Return/Bride/Son/(insert B-horror title) of the Brisbane Sounds!



By Meaghan White

Notes? None. Fact checking? None. Adherence to journalistic ethics? None.

If you are experiencing a degree of anxiety already, that’s appropriate. Let me continue though.

Here’s the situation I walked in to: I happily agreed to photograph the Brisbane Sounds show, despite the fact I had not touched my camera since this one time back in October 2008, which also happened to be the first time I’d EVER touched that camera (with it being brand new and all), essentially making me a stranger to its functions and barely able to recall its function. I conveniently forgot this and the sensible restraint that would once have seized my ‘yes, please’ muscle was overwhelmed by enthusiasm.

These are not ideal circumstances for anyone to be undertaking a photo assignment, beloved reader, let alone someone as spiritually delicate as me. The potential for failure was high, almost certain. But on I soldiered, for you, for me, for the stellar line-up, and fortunately I managed to claw my way out of the wreckage with some photos and some, dare I say, pertinent observations.

So, here is what you missed (or reveled in) on Saturday night at the Zoo: The Mercy Beat, New Jack Rubys, Vegas Kings, Blackwater Fever, Gentle Ben and His Sensitive Side & Screamfeeder.

The Mercy Beat were already playing by the time I got up the Zoo’s stairs. The guy who spilled rum on me the moment I entered the venue’s inner sanctum said it was their second song. I don’t know if I can trust that guy, but at least he managed to navigate life’s maze of effective time management a little better than I had, so we may as well shrug and take his word for it. Brisbane Sounds was to be my first Mercy Beat experience. I had read in Time Off once that they were “aggro-rock merchants” and naturally I was excited to see what this meant. In reality it meant that I spent several minutes struggling to find a button on my camera before my brain processed the fact I was being pummeled by some sort of heavenly bottom end.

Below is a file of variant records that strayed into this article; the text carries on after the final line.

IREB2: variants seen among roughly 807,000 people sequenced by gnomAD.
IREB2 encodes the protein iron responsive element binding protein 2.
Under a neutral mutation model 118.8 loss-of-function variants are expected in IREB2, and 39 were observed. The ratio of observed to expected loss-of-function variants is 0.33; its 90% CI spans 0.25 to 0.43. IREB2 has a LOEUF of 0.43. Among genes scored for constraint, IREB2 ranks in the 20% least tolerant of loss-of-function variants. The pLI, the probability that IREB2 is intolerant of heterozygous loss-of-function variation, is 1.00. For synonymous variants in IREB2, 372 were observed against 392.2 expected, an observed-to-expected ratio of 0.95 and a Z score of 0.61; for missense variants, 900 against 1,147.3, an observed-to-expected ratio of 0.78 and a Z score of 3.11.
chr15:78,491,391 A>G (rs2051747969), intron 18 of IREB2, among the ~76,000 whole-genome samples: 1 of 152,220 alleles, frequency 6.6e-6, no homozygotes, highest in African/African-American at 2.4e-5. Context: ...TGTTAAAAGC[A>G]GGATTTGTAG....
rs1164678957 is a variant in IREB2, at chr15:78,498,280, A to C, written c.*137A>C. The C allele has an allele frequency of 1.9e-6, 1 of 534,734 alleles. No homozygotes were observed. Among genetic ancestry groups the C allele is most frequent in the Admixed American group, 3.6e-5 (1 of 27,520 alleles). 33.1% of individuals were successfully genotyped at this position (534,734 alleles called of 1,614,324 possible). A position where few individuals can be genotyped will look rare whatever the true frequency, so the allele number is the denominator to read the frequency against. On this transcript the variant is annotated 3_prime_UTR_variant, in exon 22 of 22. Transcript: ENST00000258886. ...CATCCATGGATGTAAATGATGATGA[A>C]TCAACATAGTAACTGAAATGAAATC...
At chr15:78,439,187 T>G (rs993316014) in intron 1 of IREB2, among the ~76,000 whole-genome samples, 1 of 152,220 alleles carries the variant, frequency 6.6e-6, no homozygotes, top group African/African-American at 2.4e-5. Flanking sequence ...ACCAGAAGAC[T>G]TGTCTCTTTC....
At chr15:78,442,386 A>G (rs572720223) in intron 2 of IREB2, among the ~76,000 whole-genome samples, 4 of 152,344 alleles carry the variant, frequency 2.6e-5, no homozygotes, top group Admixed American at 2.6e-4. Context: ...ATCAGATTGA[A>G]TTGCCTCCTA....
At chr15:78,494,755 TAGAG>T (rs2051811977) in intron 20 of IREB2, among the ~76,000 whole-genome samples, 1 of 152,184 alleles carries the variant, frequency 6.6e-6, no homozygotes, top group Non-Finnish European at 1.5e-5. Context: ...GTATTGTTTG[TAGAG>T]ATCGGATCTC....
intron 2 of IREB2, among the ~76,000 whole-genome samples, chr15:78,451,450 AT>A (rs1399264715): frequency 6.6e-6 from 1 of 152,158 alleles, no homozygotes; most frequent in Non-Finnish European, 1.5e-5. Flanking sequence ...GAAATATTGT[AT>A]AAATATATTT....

The Mercy Beat do not particularly interest me on a holistic level. My most recurring disappointment in music is that it’s all okay – fatally competent, little more. The Mercy Beat were okay, I have nothing bad to say about them. I was not moved to love them as a band, I probably would not buy their album if it cost more than 10 bones.. However, they honestly blew me away in one respect: their hell-fire rhythm section. During their last few songs they just fell in to place and rained sonic destruction down upon us. So tight. Big ups for their cover selection too. They chose Apartment by Custard.



New Jack Rubys. I’ve heard so much about these guys. They’re primed for something special. But I have absolutely no memory of their set.

“Take notes,” you might say. And I would say that’s an excellent suggestion, except realistically it is a hard thing to accomplish when you’re holding a fully loaded dSLR for most of a band’s set.

I counter, though, that if your Saturday night set is forgotten by Wednesday it was probably a generic 3 stars anyway. I think they covered a song called Know The Score.








Vegas Kings came next. Thank Christ. Disclaimer: I love the Vegas Kings. They’re one of my favourite Brisbane bands, and they have been for a long time. I expect reviewers will use words like “scorching” and “explosive”, and they’ll probably talk about the fact that Ben’s guitar (pictured at the beginning of this post) ended up broken and on the ground. Pete and Ben do that stuff, they are bonafide. Instead of describing their set (immaculate and bad ass), their sound (short fuse punk blues) and their antics (immaculate and bad ass), I’ll just give you some context. Vegas Kings were in the studio Friday, Saturday (and Sunday). They spent hours slaving away like DOGS on a new offering for you, their precious public, and then trundled right along to the Zoo to throw themselves upon the altar of your judgment. Without a moment’s rest, no less! Exhausted, and we are talking bone-weary, they propped themselves up on stage and somehow drew an immense power from what I assume was your unadulterated love. Be honest, that’s inspirational. That’s motivational. That’s the resurrective power of dirty rock and roll.